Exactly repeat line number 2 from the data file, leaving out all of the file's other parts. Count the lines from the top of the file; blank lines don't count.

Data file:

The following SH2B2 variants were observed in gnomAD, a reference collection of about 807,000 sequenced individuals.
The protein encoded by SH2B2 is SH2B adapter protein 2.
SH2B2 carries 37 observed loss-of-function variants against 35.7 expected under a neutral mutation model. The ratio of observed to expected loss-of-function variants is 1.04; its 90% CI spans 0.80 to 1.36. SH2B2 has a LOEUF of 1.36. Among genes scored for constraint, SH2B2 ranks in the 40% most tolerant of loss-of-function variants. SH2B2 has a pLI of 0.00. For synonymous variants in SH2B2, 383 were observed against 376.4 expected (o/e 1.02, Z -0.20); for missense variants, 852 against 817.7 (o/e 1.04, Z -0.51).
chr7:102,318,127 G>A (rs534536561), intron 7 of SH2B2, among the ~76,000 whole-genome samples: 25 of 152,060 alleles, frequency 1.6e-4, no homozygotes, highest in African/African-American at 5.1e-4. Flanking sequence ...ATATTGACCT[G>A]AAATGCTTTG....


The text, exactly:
The protein encoded by SH2B2 is SH2B adapter protein 2.